agricultural, landfill, industrial and hazardous waste sites.
Identify sources of inadequately-treated wastewater discharges
and publish these for public information.
-- Establish a formal statewide clearing house to review the
findings of federal agencies, universities, and others that
have a bearing on drinking water supply or protection issues.
2. Develop and implement comprehensive monitoring networks for judging
compliance with regulatory programs and/or determining the extent
and/or nature of environmental degradation.
Monitoring/reporting systems on permitted water supplies
should be expanded to more accurately gauge committed
vs. pumped vs. permitted usage and thus identify prospective
.resource limitation problems.
Develop cooperative monitoring programs with DACS and ASCS
to assess the impact of agricultural activity on groundwater
Water OQality Management
1. Develop water quality management strategies that focus on
prevention rather than remedial action.
Establish regional hazardous and solid waste management
2. Expand educational programs to publicize the impacts of improper
hazardous and solid waste management on the environment and public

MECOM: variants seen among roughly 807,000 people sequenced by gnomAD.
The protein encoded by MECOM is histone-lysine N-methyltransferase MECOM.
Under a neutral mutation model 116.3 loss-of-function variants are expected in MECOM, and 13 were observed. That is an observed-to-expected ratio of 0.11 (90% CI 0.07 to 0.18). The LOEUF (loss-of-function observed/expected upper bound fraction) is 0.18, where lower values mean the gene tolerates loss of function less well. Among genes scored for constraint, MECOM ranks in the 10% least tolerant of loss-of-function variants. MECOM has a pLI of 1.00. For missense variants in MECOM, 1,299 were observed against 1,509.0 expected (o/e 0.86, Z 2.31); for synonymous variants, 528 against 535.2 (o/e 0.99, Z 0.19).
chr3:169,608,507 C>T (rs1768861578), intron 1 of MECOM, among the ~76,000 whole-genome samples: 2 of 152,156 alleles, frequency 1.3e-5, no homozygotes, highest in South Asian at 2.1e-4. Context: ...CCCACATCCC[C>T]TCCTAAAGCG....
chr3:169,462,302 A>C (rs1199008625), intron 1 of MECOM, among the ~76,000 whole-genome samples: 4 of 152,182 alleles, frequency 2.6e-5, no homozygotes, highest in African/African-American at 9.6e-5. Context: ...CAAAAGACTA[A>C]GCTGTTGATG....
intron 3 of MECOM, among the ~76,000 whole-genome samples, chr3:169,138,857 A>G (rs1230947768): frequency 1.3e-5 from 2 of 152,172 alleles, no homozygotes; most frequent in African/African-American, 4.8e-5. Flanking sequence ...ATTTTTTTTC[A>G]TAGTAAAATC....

3. Merge water quantity and water quality management policies and
require that these aspects of the resource be treated concurrently
in all water resource planning and management processes.
Clarify WMD responsibility in the water quality area,
particularly regarding relationships with DER and HRS.
4. Tighten coordination between land-water agencies on issues such as
facilities siting, particularly where such facilities are potential
polluters of the environment.
5. Encourage statewide policies for reclaimed water reuse and
recycling, and provide funds for demonstrating the efficacy of
Develop strategies for more productive reuse of stormwater
6. Provide funds for research targeted at reuse-recycling processes
and at evaluating the health effects of toxic and hazardous
materials in the environment.